This also holds true with mid to big-name artists. The difference is you, on a local or maybe regional level, are working on a smaller scale.

 

The more fans you have, the less you will “get screwed,” the more welcome you will be at the venues, and the more you’ll be able to call the shots—provided you play your cards right. And by “fans,” I mean people who will come out to see YOU—not the other bands or anyone else who happens to be there.

_______________________________________________


David Himes is the author of the book Realities for Local Bands: Talent is not Enough. You can find it at Amazon. For a FREE sneak preview, click here. The book is also available in PDF format. Also, David published a local music scene paper for over 16 years and has held over 400 live shows, giving him a unique insight on the scene. Your feedback and comments are welcome.

3 comments
Join the discussion...
Post Comment
Larry Jones  |  August 15, 2015 at 10:26 pm
I don't know where you are, but if you are playing clubs in Southern California everybody, including cover bands, is expected to bring their own crowd, preferably made up of heavy drinkers. Of course this doesn't apply to weddings and private parties, but in commercial venues the owner feels it is the entertainer's responsibility to fill the seats.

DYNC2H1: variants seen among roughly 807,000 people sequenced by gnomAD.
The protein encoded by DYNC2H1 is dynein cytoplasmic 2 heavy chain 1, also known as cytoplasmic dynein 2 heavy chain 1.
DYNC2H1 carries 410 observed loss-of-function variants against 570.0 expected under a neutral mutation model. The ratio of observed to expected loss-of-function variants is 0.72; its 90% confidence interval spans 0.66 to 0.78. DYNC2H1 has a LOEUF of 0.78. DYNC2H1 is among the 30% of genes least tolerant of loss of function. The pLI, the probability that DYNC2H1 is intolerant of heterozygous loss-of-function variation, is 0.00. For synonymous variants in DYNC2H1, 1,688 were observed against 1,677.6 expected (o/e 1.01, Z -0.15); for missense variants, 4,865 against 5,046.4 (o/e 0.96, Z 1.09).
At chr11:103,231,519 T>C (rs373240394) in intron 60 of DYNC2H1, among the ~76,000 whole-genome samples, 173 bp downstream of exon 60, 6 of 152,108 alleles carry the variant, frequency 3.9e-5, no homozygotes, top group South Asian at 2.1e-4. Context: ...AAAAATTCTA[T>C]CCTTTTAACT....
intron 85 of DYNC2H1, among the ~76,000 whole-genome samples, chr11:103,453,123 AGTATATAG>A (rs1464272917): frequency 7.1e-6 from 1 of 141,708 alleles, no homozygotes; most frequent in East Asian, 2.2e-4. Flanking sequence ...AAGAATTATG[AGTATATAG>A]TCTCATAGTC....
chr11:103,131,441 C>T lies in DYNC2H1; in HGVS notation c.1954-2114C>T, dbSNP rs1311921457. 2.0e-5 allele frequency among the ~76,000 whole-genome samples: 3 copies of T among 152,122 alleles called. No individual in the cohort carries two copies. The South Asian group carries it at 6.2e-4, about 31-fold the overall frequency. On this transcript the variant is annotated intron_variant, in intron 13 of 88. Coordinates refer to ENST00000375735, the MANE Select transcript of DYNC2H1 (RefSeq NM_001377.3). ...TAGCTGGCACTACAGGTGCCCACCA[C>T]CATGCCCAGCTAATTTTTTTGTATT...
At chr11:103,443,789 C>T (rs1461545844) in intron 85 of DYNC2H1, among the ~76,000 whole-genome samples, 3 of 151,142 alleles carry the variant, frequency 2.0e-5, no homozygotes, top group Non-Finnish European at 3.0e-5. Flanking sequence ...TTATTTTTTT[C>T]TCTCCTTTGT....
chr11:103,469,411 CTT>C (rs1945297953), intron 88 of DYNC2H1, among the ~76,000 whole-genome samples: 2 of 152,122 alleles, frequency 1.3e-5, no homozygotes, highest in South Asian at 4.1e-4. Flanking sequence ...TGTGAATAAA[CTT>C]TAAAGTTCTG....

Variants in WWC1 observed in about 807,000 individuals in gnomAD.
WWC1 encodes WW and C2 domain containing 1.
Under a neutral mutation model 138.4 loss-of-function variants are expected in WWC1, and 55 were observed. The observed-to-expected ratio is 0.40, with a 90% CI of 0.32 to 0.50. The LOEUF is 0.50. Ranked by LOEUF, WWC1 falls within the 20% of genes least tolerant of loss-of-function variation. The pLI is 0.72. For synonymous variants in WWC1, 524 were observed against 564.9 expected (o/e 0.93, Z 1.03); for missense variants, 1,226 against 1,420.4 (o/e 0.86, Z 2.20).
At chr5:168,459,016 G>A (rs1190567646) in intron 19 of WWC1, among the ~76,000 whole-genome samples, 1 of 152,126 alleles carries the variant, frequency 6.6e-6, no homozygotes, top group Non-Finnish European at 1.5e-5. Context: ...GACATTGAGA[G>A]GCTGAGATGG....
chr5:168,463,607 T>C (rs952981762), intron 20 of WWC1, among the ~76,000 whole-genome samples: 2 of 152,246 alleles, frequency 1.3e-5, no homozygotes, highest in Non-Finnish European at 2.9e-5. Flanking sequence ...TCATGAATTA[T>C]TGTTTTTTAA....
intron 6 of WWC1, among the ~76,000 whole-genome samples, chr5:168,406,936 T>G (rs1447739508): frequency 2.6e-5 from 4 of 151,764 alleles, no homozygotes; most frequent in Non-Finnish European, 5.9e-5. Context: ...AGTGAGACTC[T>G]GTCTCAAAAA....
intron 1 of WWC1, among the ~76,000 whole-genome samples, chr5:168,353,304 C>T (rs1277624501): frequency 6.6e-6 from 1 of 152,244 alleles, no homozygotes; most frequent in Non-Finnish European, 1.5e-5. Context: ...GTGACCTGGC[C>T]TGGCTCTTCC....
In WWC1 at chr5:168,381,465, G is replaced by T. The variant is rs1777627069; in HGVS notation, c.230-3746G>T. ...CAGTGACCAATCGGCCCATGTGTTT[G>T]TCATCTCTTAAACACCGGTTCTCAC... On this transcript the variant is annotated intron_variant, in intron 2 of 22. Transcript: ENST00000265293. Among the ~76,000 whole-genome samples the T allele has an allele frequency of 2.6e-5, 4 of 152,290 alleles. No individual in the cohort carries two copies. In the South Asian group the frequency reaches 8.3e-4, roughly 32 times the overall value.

Reply
Bluecifer  |  August 08, 2015 at 8:18 am
ABSOLUTE GOSPEL
Reply
saturn1  |  August 06, 2015 at 5:31 pm
This seems pretty accurate to me.  I might expand the definition of a 'hybrid' band to include a band that mixes their original music with their own arrangements or versions of cover tunes in a style that fits.  Playing songs that people know in a personal style can help bridge the gap.  I would suspect, though, that your rules for original bands are probably more applicable to this type of hybrid.  There are definitely fewer people who seek out new music than there are those who prefer the familiar.  I am lucky to live in a city that has a number of venues that support original/hybrid acts in a variety of genres.  Nice article.
Reply   |  1 Reply
More Cool Stuff
News
GHS New Nickel Plate 5 String Banjo Sets   Battle Creek, MI, 18th October ...
Cort Gold Series D6 Dreadnought Acoustic Guitar When you're going for the gold, ...
x
sign in
x
contact us
*Indicates required fields
Name *
Email Address *
Issue Type *
submit
x
message
okay
please wait